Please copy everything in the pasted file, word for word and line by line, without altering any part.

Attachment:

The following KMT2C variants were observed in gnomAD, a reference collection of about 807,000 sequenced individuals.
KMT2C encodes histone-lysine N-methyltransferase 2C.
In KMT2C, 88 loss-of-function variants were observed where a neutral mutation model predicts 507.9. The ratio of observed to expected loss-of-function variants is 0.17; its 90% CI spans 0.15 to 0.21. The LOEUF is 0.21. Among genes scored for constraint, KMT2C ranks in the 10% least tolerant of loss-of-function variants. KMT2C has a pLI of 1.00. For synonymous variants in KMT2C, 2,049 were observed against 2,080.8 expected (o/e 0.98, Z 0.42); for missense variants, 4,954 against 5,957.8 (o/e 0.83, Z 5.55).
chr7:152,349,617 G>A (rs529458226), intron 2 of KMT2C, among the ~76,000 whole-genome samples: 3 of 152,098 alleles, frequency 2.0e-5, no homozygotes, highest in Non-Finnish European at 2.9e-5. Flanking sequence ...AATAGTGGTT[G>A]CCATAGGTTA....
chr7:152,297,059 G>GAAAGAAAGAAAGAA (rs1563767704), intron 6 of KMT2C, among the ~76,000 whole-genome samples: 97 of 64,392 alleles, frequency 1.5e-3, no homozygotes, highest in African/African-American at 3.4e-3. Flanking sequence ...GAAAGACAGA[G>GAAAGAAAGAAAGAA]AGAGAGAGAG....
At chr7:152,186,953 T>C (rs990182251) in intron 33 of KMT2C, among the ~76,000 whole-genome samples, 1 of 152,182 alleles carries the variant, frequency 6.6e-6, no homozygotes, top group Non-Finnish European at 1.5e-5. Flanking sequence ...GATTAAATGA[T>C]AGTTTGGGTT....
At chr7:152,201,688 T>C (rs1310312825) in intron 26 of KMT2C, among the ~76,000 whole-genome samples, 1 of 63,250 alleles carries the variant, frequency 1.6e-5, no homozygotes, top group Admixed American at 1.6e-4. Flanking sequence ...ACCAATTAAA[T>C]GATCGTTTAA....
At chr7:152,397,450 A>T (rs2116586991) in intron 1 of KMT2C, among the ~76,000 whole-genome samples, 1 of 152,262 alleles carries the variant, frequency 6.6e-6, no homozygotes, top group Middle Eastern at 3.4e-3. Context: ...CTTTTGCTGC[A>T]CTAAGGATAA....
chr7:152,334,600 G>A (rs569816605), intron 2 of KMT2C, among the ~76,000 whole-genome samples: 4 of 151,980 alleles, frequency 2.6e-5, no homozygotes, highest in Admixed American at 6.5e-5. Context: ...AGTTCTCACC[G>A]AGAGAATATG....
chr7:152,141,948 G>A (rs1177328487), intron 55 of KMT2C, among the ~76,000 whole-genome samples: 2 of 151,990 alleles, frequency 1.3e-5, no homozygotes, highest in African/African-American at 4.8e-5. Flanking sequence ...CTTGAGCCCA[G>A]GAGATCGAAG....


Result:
The following KMT2C variants were observed in gnomAD, a reference collection of about 807,000 sequenced individuals.
KMT2C encodes histone-lysine N-methyltransferase 2C.
In KMT2C, 88 loss-of-function variants were observed where a neutral mutation model predicts 507.9. The ratio of observed to expected loss-of-function variants is 0.17; its 90% CI spans 0.15 to 0.21. The LOEUF is 0.21. Among genes scored for constraint, KMT2C ranks in the 10% least tolerant of loss-of-function variants. KMT2C has a pLI of 1.00. For synonymous variants in KMT2C, 2,049 were observed against 2,080.8 expected (o/e 0.98, Z 0.42); for missense variants, 4,954 against 5,957.8 (o/e 0.83, Z 5.55).
chr7:152,349,617 G>A (rs529458226), intron 2 of KMT2C, among the ~76,000 whole-genome samples: 3 of 152,098 alleles, frequency 2.0e-5, no homozygotes, highest in Non-Finnish European at 2.9e-5. Flanking sequence ...AATAGTGGTT[G>A]CCATAGGTTA....
chr7:152,297,059 G>GAAAGAAAGAAAGAA (rs1563767704), intron 6 of KMT2C, among the ~76,000 whole-genome samples: 97 of 64,392 alleles, frequency 1.5e-3, no homozygotes, highest in African/African-American at 3.4e-3. Flanking sequence ...GAAAGACAGA[G>GAAAGAAAGAAAGAA]AGAGAGAGAG....
At chr7:152,186,953 T>C (rs990182251) in intron 33 of KMT2C, among the ~76,000 whole-genome samples, 1 of 152,182 alleles carries the variant, frequency 6.6e-6, no homozygotes, top group Non-Finnish European at 1.5e-5. Flanking sequence ...GATTAAATGA[T>C]AGTTTGGGTT....
At chr7:152,201,688 T>C (rs1310312825) in intron 26 of KMT2C, among the ~76,000 whole-genome samples, 1 of 63,250 alleles carries the variant, frequency 1.6e-5, no homozygotes, top group Admixed American at 1.6e-4. Flanking sequence ...ACCAATTAAA[T>C]GATCGTTTAA....
At chr7:152,397,450 A>T (rs2116586991) in intron 1 of KMT2C, among the ~76,000 whole-genome samples, 1 of 152,262 alleles carries the variant, frequency 6.6e-6, no homozygotes, top group Middle Eastern at 3.4e-3. Context: ...CTTTTGCTGC[A>T]CTAAGGATAA....
chr7:152,334,600 G>A (rs569816605), intron 2 of KMT2C, among the ~76,000 whole-genome samples: 4 of 151,980 alleles, frequency 2.6e-5, no homozygotes, highest in Admixed American at 6.5e-5. Context: ...AGTTCTCACC[G>A]AGAGAATATG....
chr7:152,141,948 G>A (rs1177328487), intron 55 of KMT2C, among the ~76,000 whole-genome samples: 2 of 151,990 alleles, frequency 1.3e-5, no homozygotes, highest in African/African-American at 4.8e-5. Flanking sequence ...CTTGAGCCCA[G>A]GAGATCGAAG....